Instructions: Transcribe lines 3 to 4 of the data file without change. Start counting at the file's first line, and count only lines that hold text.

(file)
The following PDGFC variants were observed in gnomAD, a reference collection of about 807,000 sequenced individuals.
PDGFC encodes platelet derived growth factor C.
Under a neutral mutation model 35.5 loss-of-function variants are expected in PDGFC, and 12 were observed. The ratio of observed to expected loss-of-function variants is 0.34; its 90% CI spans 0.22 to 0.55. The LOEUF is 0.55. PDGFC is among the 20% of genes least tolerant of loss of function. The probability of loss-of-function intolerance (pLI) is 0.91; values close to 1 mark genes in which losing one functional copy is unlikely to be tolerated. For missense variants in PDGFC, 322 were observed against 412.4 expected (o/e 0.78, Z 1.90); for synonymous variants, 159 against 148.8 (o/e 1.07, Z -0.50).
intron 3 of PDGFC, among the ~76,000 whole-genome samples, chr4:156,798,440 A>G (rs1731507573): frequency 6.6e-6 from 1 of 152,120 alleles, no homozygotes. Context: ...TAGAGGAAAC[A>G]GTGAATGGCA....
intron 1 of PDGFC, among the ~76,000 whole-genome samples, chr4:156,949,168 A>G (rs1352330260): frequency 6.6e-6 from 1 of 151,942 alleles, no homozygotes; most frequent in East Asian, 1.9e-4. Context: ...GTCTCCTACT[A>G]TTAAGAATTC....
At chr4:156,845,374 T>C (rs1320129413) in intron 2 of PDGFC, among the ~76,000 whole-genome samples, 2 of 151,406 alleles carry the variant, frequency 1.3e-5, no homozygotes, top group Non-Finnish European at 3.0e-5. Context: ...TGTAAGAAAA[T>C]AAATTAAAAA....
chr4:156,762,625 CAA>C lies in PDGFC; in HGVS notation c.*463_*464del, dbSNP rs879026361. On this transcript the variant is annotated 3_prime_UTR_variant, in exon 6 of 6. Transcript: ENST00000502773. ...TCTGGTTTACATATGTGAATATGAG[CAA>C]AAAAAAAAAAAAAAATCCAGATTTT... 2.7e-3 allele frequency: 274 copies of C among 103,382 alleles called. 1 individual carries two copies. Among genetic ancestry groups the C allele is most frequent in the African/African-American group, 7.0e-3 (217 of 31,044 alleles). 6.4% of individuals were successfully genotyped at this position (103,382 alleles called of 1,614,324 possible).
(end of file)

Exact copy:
Under a neutral mutation model 35.5 loss-of-function variants are expected in PDGFC, and 12 were observed. The ratio of observed to expected loss-of-function variants is 0.34; its 90% CI spans 0.22 to 0.55. The LOEUF is 0.55. PDGFC is among the 20% of genes least tolerant of loss of function. The probability of loss-of-function intolerance (pLI) is 0.91; values close to 1 mark genes in which losing one functional copy is unlikely to be tolerated. For missense variants in PDGFC, 322 were observed against 412.4 expected (o/e 0.78, Z 1.90); for synonymous variants, 159 against 148.8 (o/e 1.07, Z -0.50).
intron 3 of PDGFC, among the ~76,000 whole-genome samples, chr4:156,798,440 A>G (rs1731507573): frequency 6.6e-6 from 1 of 152,120 alleles, no homozygotes. Context: ...TAGAGGAAAC[A>G]GTGAATGGCA....